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  • Jennifer Weber

A Diet of Diversity and Inclusion

As a dietitian, I get asked questions ranging from fad diets to the latest social media trends about nutrition. As with most things in life, the answer is not always easy. In the United States, we have national guidelines for diet and physical activity. These are critical science-based processes that provide a benchmark and goal for healthy individuals and communities. We should celebrate these guidelines as a great foundation and embrace they are one part of the equation and the start of the conversation not the end. Leveraging the guidelines to apply to one’s unique life experiences, culture and community is an area I have been reflecting on over the past year, and it seems worth digging in a bit more this month as we celebrate National Nutrition Month®.

The physical activity and nutrition recommendations supported by our national guidelines are our best strategy to improving the health of individuals and society. As I reflect, I think how well physical activity can be adapted for individuals with disabilities to meet their exercise goals and excel at amazing athletic achievements. These individuals and communities seek strategies to adapt to meet the guidelines and society is starting to embrace the movement. My question continues to be, can we approach nutrition with the same spirt of adaptation, support, and modification on the path to achieving better health? Food has amazing cultural connection from preparation to the social elements of fellowship and engagement. Adapting dietary guidelines to meet these essential elements and health benefits associated with our meals, food and nutrition is critical.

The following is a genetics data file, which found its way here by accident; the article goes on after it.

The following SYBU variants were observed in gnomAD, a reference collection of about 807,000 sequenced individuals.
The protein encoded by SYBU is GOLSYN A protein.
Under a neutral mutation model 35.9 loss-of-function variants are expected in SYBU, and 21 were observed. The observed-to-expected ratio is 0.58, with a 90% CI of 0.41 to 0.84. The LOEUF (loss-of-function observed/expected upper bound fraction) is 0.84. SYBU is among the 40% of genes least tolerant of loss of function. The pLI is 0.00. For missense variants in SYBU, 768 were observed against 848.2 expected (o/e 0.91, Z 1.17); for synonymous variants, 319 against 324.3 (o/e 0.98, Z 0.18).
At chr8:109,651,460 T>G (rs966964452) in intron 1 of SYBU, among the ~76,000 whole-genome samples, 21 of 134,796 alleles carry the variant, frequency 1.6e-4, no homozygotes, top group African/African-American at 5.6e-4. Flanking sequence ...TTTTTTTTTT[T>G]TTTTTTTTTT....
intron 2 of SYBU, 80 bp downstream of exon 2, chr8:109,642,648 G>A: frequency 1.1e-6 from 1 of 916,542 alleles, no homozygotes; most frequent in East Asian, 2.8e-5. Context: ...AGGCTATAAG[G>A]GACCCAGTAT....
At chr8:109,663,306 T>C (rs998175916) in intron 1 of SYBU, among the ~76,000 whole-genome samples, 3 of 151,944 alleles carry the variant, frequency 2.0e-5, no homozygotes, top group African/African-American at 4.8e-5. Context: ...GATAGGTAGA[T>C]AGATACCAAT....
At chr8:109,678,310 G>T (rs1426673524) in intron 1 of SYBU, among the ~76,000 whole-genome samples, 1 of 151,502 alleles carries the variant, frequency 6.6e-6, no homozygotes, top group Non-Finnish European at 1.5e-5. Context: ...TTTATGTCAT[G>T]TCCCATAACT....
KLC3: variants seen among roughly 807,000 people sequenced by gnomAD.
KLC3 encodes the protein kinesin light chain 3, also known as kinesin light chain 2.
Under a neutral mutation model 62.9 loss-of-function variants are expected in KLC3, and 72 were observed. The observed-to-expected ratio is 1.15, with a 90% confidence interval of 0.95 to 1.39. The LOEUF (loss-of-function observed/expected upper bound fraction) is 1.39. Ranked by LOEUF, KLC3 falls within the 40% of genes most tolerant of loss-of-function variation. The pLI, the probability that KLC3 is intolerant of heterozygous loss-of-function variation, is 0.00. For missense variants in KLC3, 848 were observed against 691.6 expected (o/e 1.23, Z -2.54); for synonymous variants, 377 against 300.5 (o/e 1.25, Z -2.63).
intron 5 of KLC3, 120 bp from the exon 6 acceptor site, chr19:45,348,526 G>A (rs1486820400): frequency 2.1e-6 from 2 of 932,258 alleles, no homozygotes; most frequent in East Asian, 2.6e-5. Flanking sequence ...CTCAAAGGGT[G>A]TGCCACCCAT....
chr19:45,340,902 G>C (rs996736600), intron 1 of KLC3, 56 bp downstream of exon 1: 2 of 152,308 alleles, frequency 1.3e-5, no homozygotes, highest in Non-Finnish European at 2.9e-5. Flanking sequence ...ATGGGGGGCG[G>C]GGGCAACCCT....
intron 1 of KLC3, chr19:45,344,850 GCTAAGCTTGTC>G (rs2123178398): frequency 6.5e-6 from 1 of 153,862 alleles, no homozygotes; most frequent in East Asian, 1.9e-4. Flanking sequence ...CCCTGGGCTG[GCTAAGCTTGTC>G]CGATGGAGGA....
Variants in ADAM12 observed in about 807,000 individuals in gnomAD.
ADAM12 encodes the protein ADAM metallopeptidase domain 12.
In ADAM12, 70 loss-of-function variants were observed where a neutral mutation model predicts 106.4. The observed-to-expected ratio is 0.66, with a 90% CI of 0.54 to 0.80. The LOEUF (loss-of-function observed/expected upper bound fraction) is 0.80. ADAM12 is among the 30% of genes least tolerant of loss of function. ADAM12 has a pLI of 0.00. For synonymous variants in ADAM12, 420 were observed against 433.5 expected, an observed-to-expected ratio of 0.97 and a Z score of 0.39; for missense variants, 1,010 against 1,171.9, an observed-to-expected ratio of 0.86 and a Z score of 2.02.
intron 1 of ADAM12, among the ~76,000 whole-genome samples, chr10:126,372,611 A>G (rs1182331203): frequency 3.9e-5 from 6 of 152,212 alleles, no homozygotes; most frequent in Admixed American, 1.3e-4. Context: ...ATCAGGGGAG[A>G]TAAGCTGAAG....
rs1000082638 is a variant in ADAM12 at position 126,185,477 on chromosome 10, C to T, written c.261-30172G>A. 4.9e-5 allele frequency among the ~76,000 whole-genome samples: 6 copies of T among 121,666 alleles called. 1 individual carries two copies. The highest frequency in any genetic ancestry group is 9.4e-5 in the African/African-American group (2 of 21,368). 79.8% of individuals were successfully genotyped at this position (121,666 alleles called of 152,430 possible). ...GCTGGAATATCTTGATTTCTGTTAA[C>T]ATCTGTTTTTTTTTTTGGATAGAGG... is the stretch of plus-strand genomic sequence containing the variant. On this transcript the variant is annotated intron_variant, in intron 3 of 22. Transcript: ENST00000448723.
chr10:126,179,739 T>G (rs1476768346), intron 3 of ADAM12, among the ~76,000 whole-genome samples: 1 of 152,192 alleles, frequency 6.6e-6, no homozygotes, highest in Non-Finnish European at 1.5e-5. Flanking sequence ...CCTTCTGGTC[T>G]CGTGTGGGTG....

I have challenged myself to broaden my perspective of what it means to consume a healthy diet. Here are a few strategies that have resonated with me.

· Learn from dietitians of color -- The Food Jonezi podcast, The Miseducation of Cultural Food, focuses on the misrepresentation of race and cultural foods in the field of food, nutrition, and dietetics.

· Lift up experts from other cultures -- The Annual Conference on Native American Nutrition is hosting the Celebrating Indigenous Women Chefs webinar series, highlighting the culinary expertise of Indigenous women who share their skills, knowledge, wisdom, and recipes.

· Look for opportunities to diversify ownership in the food chain -- Everytable is investing in a franchise program to empower marginalized communities to create job opportunities and increase healthy food options.

What resources do you recommend?

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